User login

Chasing China

(April 2008) posted on Tue Apr 15, 2008

A look at directly importing media from overseas.

click an image below to view slideshow

By Jonathan Zinsmeyer

We all think about it. Some of us know someone who does it. Others have only heard distant, second-hand rumors of someone who has done it. I’m talking, of course, about directly importing material from overseas-China, specifically.

Unless you’re considering distributing the product or you’re a large consumer of vinyl, pressure-sensitive vinyl, or other PVC-based materials, direct importing may not be for you. But as someone who has personally taken up the "China challenge," I can tell you that this can be done and it does have its benefits.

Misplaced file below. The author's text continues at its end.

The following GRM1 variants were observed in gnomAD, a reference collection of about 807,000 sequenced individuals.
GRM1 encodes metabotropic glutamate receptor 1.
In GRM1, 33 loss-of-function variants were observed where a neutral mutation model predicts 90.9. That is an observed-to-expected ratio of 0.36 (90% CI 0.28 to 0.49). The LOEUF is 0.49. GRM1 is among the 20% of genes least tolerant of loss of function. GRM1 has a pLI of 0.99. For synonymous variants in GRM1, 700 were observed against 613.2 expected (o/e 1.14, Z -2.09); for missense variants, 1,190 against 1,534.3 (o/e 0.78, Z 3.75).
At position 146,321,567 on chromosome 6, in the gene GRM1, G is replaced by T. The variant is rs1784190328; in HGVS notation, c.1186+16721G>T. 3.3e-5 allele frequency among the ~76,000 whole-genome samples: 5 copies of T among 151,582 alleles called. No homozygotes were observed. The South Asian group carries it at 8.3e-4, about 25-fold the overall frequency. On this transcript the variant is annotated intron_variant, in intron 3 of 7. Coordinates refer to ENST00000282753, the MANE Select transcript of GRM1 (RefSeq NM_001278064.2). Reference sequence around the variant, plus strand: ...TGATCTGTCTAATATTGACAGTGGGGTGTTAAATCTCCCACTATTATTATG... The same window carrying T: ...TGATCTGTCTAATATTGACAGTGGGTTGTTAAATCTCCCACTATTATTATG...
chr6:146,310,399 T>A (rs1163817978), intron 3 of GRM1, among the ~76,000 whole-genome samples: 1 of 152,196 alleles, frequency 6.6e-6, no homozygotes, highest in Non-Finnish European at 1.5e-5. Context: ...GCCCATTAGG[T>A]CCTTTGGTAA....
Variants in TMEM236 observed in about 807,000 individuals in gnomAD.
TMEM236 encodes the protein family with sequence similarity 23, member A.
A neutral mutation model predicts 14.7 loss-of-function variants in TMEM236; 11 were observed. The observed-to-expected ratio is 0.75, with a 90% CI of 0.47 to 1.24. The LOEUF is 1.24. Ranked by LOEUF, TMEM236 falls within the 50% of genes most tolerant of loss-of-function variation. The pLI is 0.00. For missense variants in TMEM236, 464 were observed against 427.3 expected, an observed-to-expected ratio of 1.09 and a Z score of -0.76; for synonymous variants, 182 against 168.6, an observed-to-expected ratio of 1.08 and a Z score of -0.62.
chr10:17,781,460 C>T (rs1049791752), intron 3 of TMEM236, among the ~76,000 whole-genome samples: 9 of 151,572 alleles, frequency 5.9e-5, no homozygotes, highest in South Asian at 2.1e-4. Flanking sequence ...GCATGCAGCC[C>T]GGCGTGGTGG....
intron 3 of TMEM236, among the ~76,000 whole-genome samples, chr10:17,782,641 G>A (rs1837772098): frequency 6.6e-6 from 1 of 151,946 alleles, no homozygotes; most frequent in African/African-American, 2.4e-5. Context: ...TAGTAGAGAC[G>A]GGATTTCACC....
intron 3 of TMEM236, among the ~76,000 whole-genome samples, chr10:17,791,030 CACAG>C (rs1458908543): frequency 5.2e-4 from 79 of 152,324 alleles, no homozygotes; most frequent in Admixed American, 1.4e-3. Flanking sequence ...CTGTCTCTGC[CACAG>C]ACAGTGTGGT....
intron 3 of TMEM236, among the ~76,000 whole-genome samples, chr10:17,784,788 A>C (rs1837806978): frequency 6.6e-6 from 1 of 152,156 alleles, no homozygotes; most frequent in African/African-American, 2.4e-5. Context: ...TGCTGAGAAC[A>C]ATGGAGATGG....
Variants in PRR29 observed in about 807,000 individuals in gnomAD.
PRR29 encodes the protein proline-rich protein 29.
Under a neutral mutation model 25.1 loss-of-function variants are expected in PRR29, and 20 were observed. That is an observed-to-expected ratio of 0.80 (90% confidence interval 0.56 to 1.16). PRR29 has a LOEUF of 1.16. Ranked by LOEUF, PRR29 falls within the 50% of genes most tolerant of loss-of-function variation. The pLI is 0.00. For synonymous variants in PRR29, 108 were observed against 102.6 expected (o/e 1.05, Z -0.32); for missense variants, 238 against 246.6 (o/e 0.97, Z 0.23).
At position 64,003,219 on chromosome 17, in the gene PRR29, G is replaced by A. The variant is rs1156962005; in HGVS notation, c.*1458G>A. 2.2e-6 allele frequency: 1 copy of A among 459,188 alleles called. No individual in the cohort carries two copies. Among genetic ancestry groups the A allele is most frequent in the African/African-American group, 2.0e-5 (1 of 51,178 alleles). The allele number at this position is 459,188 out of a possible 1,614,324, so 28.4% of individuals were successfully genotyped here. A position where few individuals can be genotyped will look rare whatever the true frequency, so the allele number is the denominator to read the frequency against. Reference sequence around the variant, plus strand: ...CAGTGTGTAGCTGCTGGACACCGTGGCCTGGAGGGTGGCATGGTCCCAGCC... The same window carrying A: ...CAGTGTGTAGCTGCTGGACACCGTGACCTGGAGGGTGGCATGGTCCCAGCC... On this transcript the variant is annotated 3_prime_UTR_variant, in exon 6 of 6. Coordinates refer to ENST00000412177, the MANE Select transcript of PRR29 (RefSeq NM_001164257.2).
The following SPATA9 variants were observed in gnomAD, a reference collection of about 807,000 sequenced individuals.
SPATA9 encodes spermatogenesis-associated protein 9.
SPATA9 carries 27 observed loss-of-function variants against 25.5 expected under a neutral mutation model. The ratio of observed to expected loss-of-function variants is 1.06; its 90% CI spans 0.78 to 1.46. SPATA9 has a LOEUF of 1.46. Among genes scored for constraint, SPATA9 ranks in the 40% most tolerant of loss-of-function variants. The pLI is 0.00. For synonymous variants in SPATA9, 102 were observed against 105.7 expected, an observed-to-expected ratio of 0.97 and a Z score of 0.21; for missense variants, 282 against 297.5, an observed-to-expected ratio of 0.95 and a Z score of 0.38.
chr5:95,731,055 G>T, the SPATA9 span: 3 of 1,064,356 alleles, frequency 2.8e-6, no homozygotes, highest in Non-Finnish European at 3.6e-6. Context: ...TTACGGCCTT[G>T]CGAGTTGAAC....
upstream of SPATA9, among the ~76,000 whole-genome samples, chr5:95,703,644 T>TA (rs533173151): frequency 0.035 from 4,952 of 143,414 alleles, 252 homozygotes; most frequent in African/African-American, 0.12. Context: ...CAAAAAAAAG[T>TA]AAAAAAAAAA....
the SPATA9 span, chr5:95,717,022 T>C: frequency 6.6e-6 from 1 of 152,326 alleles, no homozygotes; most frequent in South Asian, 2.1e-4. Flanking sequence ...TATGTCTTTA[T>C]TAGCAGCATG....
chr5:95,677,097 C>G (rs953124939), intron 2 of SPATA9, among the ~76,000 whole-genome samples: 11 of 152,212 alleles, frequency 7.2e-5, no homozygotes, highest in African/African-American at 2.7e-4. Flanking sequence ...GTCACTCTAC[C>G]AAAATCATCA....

Building a relationship

My first experience was attending the Sign China tradeshow in Guangzhou, China. Let me set the scene for you: Picture very crowded aisles with prints scattered all over the floor. There are hundreds of vendors on three floors, all targeting different sign products-digital printing on the first floor, LED on the second, and CNC and plasma cutters on the top floor. There is no ventilation and solvent levels are high. Venture into the plasma cutting room and be prepared to watch out for the mystery green and blue gases.

Many of the booths are resellers or brokers of vinyl products, so it took my translator and me more than two days to find the vendors I was looking for: the actual manufacturers. Yes, dealing with a broker is an easier option, but going direct to the factory gets you a better discount. Still, you have to keep in mind that working with a Chinese manufacturer is more complicated than simply signing a contract with a US supplier. Because your "relationship" with the manufacturer is very important, it must be built over time via e-mails, phone calls, dinner, or personal visits. A good working relationship will enable you to negotiate better pricing and turnaround times.